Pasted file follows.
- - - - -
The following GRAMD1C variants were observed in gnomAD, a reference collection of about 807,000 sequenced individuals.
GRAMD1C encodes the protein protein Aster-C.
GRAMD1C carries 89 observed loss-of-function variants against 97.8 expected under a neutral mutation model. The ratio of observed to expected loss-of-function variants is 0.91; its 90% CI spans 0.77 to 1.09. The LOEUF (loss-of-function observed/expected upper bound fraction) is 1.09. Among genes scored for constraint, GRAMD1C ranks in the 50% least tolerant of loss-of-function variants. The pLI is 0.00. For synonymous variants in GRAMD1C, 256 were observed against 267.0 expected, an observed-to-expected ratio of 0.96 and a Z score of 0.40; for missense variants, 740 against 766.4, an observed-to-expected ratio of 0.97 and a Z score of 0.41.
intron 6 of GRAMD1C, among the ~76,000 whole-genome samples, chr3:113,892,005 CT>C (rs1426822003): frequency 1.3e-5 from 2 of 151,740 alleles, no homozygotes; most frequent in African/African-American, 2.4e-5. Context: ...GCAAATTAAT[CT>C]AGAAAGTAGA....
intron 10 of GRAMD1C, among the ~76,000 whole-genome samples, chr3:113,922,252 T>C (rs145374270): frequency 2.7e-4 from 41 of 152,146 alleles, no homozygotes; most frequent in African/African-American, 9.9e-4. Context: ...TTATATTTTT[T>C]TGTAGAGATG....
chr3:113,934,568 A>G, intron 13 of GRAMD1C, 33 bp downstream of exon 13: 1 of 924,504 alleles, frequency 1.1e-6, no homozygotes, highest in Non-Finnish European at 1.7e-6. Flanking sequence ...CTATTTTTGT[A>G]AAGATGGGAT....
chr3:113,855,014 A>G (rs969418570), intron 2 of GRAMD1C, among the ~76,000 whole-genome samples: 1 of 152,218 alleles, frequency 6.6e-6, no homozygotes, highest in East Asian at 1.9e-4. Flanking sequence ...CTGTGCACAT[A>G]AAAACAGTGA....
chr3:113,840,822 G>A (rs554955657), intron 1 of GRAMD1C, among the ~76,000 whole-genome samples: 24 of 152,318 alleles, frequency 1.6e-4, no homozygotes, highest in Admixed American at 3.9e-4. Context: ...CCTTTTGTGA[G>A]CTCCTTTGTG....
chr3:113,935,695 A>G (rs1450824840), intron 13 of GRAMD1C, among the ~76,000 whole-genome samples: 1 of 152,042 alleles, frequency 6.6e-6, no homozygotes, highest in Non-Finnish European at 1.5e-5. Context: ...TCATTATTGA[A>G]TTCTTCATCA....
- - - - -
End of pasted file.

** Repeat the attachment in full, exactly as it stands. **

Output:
The following GRAMD1C variants were observed in gnomAD, a reference collection of about 807,000 sequenced individuals.
GRAMD1C encodes the protein protein Aster-C.
GRAMD1C carries 89 observed loss-of-function variants against 97.8 expected under a neutral mutation model. The ratio of observed to expected loss-of-function variants is 0.91; its 90% CI spans 0.77 to 1.09. The LOEUF (loss-of-function observed/expected upper bound fraction) is 1.09. Among genes scored for constraint, GRAMD1C ranks in the 50% least tolerant of loss-of-function variants. The pLI is 0.00. For synonymous variants in GRAMD1C, 256 were observed against 267.0 expected, an observed-to-expected ratio of 0.96 and a Z score of 0.40; for missense variants, 740 against 766.4, an observed-to-expected ratio of 0.97 and a Z score of 0.41.
intron 6 of GRAMD1C, among the ~76,000 whole-genome samples, chr3:113,892,005 CT>C (rs1426822003): frequency 1.3e-5 from 2 of 151,740 alleles, no homozygotes; most frequent in African/African-American, 2.4e-5. Context: ...GCAAATTAAT[CT>C]AGAAAGTAGA....
intron 10 of GRAMD1C, among the ~76,000 whole-genome samples, chr3:113,922,252 T>C (rs145374270): frequency 2.7e-4 from 41 of 152,146 alleles, no homozygotes; most frequent in African/African-American, 9.9e-4. Context: ...TTATATTTTT[T>C]TGTAGAGATG....
chr3:113,934,568 A>G, intron 13 of GRAMD1C, 33 bp downstream of exon 13: 1 of 924,504 alleles, frequency 1.1e-6, no homozygotes, highest in Non-Finnish European at 1.7e-6. Flanking sequence ...CTATTTTTGT[A>G]AAGATGGGAT....
chr3:113,855,014 A>G (rs969418570), intron 2 of GRAMD1C, among the ~76,000 whole-genome samples: 1 of 152,218 alleles, frequency 6.6e-6, no homozygotes, highest in East Asian at 1.9e-4. Flanking sequence ...CTGTGCACAT[A>G]AAAACAGTGA....
chr3:113,840,822 G>A (rs554955657), intron 1 of GRAMD1C, among the ~76,000 whole-genome samples: 24 of 152,318 alleles, frequency 1.6e-4, no homozygotes, highest in Admixed American at 3.9e-4. Context: ...CCTTTTGTGA[G>A]CTCCTTTGTG....
chr3:113,935,695 A>G (rs1450824840), intron 13 of GRAMD1C, among the ~76,000 whole-genome samples: 1 of 152,042 alleles, frequency 6.6e-6, no homozygotes, highest in Non-Finnish European at 1.5e-5. Context: ...TCATTATTGA[A>G]TTCTTCATCA....